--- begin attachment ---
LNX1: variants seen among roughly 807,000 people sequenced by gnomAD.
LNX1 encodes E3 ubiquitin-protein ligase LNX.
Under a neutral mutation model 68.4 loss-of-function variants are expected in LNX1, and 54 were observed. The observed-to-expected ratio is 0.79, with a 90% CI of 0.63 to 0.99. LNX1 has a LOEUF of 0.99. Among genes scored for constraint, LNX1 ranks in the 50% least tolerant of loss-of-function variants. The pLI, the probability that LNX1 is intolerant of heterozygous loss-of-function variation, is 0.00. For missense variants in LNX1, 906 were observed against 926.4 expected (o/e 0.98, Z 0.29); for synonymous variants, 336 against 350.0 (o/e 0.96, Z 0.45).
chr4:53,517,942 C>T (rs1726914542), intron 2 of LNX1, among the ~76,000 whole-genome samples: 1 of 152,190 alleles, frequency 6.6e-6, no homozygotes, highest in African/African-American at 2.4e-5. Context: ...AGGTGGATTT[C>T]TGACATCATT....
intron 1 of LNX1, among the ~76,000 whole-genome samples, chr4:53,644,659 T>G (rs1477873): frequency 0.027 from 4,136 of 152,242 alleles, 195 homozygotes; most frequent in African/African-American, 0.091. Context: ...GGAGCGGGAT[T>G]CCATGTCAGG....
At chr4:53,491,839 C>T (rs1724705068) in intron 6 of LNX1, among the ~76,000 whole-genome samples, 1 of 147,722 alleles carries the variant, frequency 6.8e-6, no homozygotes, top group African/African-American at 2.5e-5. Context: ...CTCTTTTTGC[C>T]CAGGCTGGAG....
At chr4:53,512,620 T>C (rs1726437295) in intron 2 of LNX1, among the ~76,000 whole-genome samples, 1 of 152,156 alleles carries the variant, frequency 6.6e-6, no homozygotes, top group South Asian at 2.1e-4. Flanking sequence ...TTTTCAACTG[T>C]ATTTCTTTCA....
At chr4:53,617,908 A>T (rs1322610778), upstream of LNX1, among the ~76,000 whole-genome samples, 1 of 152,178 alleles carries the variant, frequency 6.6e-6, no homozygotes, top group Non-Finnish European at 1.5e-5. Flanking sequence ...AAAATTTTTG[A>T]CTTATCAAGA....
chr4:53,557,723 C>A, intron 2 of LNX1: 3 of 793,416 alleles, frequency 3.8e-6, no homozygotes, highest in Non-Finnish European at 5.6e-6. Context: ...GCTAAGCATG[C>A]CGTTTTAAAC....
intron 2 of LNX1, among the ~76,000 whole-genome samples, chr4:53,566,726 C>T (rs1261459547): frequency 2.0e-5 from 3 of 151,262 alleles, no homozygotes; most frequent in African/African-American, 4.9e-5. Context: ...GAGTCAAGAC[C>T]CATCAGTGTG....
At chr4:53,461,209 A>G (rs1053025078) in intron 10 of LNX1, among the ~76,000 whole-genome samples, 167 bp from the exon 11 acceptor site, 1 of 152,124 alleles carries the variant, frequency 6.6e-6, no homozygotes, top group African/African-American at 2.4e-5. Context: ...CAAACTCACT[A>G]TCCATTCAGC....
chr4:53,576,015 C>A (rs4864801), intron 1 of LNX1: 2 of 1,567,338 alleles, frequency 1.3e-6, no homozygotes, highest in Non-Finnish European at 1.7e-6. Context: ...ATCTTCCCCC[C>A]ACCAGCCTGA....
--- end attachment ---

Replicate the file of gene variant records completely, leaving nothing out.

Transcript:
LNX1: variants seen among roughly 807,000 people sequenced by gnomAD.
LNX1 encodes E3 ubiquitin-protein ligase LNX.
Under a neutral mutation model 68.4 loss-of-function variants are expected in LNX1, and 54 were observed. The observed-to-expected ratio is 0.79, with a 90% CI of 0.63 to 0.99. LNX1 has a LOEUF of 0.99. Among genes scored for constraint, LNX1 ranks in the 50% least tolerant of loss-of-function variants. The pLI, the probability that LNX1 is intolerant of heterozygous loss-of-function variation, is 0.00. For missense variants in LNX1, 906 were observed against 926.4 expected (o/e 0.98, Z 0.29); for synonymous variants, 336 against 350.0 (o/e 0.96, Z 0.45).
chr4:53,517,942 C>T (rs1726914542), intron 2 of LNX1, among the ~76,000 whole-genome samples: 1 of 152,190 alleles, frequency 6.6e-6, no homozygotes, highest in African/African-American at 2.4e-5. Context: ...AGGTGGATTT[C>T]TGACATCATT....
intron 1 of LNX1, among the ~76,000 whole-genome samples, chr4:53,644,659 T>G (rs1477873): frequency 0.027 from 4,136 of 152,242 alleles, 195 homozygotes; most frequent in African/African-American, 0.091. Context: ...GGAGCGGGAT[T>G]CCATGTCAGG....
At chr4:53,491,839 C>T (rs1724705068) in intron 6 of LNX1, among the ~76,000 whole-genome samples, 1 of 147,722 alleles carries the variant, frequency 6.8e-6, no homozygotes, top group African/African-American at 2.5e-5. Context: ...CTCTTTTTGC[C>T]CAGGCTGGAG....
At chr4:53,512,620 T>C (rs1726437295) in intron 2 of LNX1, among the ~76,000 whole-genome samples, 1 of 152,156 alleles carries the variant, frequency 6.6e-6, no homozygotes, top group South Asian at 2.1e-4. Flanking sequence ...TTTTCAACTG[T>C]ATTTCTTTCA....
At chr4:53,617,908 A>T (rs1322610778), upstream of LNX1, among the ~76,000 whole-genome samples, 1 of 152,178 alleles carries the variant, frequency 6.6e-6, no homozygotes, top group Non-Finnish European at 1.5e-5. Flanking sequence ...AAAATTTTTG[A>T]CTTATCAAGA....
chr4:53,557,723 C>A, intron 2 of LNX1: 3 of 793,416 alleles, frequency 3.8e-6, no homozygotes, highest in Non-Finnish European at 5.6e-6. Context: ...GCTAAGCATG[C>A]CGTTTTAAAC....
intron 2 of LNX1, among the ~76,000 whole-genome samples, chr4:53,566,726 C>T (rs1261459547): frequency 2.0e-5 from 3 of 151,262 alleles, no homozygotes; most frequent in African/African-American, 4.9e-5. Context: ...GAGTCAAGAC[C>T]CATCAGTGTG....
At chr4:53,461,209 A>G (rs1053025078) in intron 10 of LNX1, among the ~76,000 whole-genome samples, 167 bp from the exon 11 acceptor site, 1 of 152,124 alleles carries the variant, frequency 6.6e-6, no homozygotes, top group African/African-American at 2.4e-5. Context: ...CAAACTCACT[A>G]TCCATTCAGC....
chr4:53,576,015 C>A (rs4864801), intron 1 of LNX1: 2 of 1,567,338 alleles, frequency 1.3e-6, no homozygotes, highest in Non-Finnish European at 1.7e-6. Context: ...ATCTTCCCCC[C>A]ACCAGCCTGA....